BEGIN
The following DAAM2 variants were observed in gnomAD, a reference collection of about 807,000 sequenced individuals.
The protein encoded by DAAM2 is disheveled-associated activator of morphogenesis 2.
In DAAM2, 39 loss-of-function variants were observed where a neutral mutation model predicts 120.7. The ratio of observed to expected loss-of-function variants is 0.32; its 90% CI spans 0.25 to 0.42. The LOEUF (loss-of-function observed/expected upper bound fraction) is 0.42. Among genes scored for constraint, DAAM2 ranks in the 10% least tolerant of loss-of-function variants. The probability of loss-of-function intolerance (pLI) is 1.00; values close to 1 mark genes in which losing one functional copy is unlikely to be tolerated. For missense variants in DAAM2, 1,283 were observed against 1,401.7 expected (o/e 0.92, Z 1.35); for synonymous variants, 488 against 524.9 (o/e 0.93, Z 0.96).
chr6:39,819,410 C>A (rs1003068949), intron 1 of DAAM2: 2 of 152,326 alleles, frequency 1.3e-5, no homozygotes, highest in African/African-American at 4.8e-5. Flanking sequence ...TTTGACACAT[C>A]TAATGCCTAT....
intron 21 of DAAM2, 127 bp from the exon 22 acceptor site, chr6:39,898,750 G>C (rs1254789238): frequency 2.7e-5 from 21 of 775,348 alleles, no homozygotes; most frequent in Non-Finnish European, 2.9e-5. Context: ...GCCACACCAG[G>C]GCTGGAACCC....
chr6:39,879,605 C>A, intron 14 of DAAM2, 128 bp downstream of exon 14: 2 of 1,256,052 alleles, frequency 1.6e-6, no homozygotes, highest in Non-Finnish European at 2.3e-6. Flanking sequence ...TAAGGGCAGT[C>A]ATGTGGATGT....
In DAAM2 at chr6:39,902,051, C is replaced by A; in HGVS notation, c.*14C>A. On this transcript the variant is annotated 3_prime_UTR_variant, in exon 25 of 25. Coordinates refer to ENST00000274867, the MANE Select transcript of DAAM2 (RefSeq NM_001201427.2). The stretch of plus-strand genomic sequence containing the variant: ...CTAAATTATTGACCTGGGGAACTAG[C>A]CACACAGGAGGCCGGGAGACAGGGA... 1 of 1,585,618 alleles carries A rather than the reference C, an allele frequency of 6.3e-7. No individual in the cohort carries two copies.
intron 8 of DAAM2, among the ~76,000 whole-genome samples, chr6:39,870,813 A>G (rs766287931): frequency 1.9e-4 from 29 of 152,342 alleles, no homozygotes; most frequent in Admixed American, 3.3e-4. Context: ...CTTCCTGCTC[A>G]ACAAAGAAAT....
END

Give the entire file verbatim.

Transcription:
The following DAAM2 variants were observed in gnomAD, a reference collection of about 807,000 sequenced individuals.
The protein encoded by DAAM2 is disheveled-associated activator of morphogenesis 2.
In DAAM2, 39 loss-of-function variants were observed where a neutral mutation model predicts 120.7. The ratio of observed to expected loss-of-function variants is 0.32; its 90% CI spans 0.25 to 0.42. The LOEUF (loss-of-function observed/expected upper bound fraction) is 0.42. Among genes scored for constraint, DAAM2 ranks in the 10% least tolerant of loss-of-function variants. The probability of loss-of-function intolerance (pLI) is 1.00; values close to 1 mark genes in which losing one functional copy is unlikely to be tolerated. For missense variants in DAAM2, 1,283 were observed against 1,401.7 expected (o/e 0.92, Z 1.35); for synonymous variants, 488 against 524.9 (o/e 0.93, Z 0.96).
chr6:39,819,410 C>A (rs1003068949), intron 1 of DAAM2: 2 of 152,326 alleles, frequency 1.3e-5, no homozygotes, highest in African/African-American at 4.8e-5. Flanking sequence ...TTTGACACAT[C>A]TAATGCCTAT....
intron 21 of DAAM2, 127 bp from the exon 22 acceptor site, chr6:39,898,750 G>C (rs1254789238): frequency 2.7e-5 from 21 of 775,348 alleles, no homozygotes; most frequent in Non-Finnish European, 2.9e-5. Context: ...GCCACACCAG[G>C]GCTGGAACCC....
chr6:39,879,605 C>A, intron 14 of DAAM2, 128 bp downstream of exon 14: 2 of 1,256,052 alleles, frequency 1.6e-6, no homozygotes, highest in Non-Finnish European at 2.3e-6. Flanking sequence ...TAAGGGCAGT[C>A]ATGTGGATGT....
In DAAM2 at chr6:39,902,051, C is replaced by A; in HGVS notation, c.*14C>A. On this transcript the variant is annotated 3_prime_UTR_variant, in exon 25 of 25. Coordinates refer to ENST00000274867, the MANE Select transcript of DAAM2 (RefSeq NM_001201427.2). The stretch of plus-strand genomic sequence containing the variant: ...CTAAATTATTGACCTGGGGAACTAG[C>A]CACACAGGAGGCCGGGAGACAGGGA... 1 of 1,585,618 alleles carries A rather than the reference C, an allele frequency of 6.3e-7. No individual in the cohort carries two copies.
intron 8 of DAAM2, among the ~76,000 whole-genome samples, chr6:39,870,813 A>G (rs766287931): frequency 1.9e-4 from 29 of 152,342 alleles, no homozygotes; most frequent in Admixed American, 3.3e-4. Context: ...CTTCCTGCTC[A>G]ACAAAGAAAT....